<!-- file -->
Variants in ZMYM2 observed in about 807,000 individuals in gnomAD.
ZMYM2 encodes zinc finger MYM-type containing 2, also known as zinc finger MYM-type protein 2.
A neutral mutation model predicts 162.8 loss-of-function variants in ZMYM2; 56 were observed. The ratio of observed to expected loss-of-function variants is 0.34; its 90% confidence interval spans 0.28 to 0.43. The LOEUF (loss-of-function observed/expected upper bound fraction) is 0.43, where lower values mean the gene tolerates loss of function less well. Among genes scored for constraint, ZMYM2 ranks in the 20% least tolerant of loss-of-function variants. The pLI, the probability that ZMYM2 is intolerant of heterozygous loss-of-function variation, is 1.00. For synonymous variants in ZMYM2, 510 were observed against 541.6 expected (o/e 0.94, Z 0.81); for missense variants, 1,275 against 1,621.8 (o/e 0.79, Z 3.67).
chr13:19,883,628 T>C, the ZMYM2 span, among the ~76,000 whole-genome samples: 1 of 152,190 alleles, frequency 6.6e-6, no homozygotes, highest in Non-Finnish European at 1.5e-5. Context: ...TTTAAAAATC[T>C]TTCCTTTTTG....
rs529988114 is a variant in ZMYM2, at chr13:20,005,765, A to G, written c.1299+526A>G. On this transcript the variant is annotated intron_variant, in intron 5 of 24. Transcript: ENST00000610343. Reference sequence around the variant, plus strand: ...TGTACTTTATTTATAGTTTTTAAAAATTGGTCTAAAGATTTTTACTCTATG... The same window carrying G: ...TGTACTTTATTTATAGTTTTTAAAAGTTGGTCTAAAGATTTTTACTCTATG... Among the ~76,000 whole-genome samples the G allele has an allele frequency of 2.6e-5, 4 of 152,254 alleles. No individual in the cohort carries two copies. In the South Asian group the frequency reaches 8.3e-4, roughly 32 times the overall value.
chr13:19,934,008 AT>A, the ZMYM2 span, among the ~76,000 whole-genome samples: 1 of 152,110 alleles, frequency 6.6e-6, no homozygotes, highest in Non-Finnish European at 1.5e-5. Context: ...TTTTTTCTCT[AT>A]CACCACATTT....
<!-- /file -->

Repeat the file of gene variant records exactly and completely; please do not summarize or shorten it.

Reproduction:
Variants in ZMYM2 observed in about 807,000 individuals in gnomAD.
ZMYM2 encodes zinc finger MYM-type containing 2, also known as zinc finger MYM-type protein 2.
A neutral mutation model predicts 162.8 loss-of-function variants in ZMYM2; 56 were observed. The ratio of observed to expected loss-of-function variants is 0.34; its 90% confidence interval spans 0.28 to 0.43. The LOEUF (loss-of-function observed/expected upper bound fraction) is 0.43, where lower values mean the gene tolerates loss of function less well. Among genes scored for constraint, ZMYM2 ranks in the 20% least tolerant of loss-of-function variants. The pLI, the probability that ZMYM2 is intolerant of heterozygous loss-of-function variation, is 1.00. For synonymous variants in ZMYM2, 510 were observed against 541.6 expected (o/e 0.94, Z 0.81); for missense variants, 1,275 against 1,621.8 (o/e 0.79, Z 3.67).
chr13:19,883,628 T>C, the ZMYM2 span, among the ~76,000 whole-genome samples: 1 of 152,190 alleles, frequency 6.6e-6, no homozygotes, highest in Non-Finnish European at 1.5e-5. Context: ...TTTAAAAATC[T>C]TTCCTTTTTG....
rs529988114 is a variant in ZMYM2, at chr13:20,005,765, A to G, written c.1299+526A>G. On this transcript the variant is annotated intron_variant, in intron 5 of 24. Transcript: ENST00000610343. Reference sequence around the variant, plus strand: ...TGTACTTTATTTATAGTTTTTAAAAATTGGTCTAAAGATTTTTACTCTATG... The same window carrying G: ...TGTACTTTATTTATAGTTTTTAAAAGTTGGTCTAAAGATTTTTACTCTATG... Among the ~76,000 whole-genome samples the G allele has an allele frequency of 2.6e-5, 4 of 152,254 alleles. No individual in the cohort carries two copies. In the South Asian group the frequency reaches 8.3e-4, roughly 32 times the overall value.
chr13:19,934,008 AT>A, the ZMYM2 span, among the ~76,000 whole-genome samples: 1 of 152,110 alleles, frequency 6.6e-6, no homozygotes, highest in Non-Finnish European at 1.5e-5. Context: ...TTTTTTCTCT[AT>A]CACCACATTT....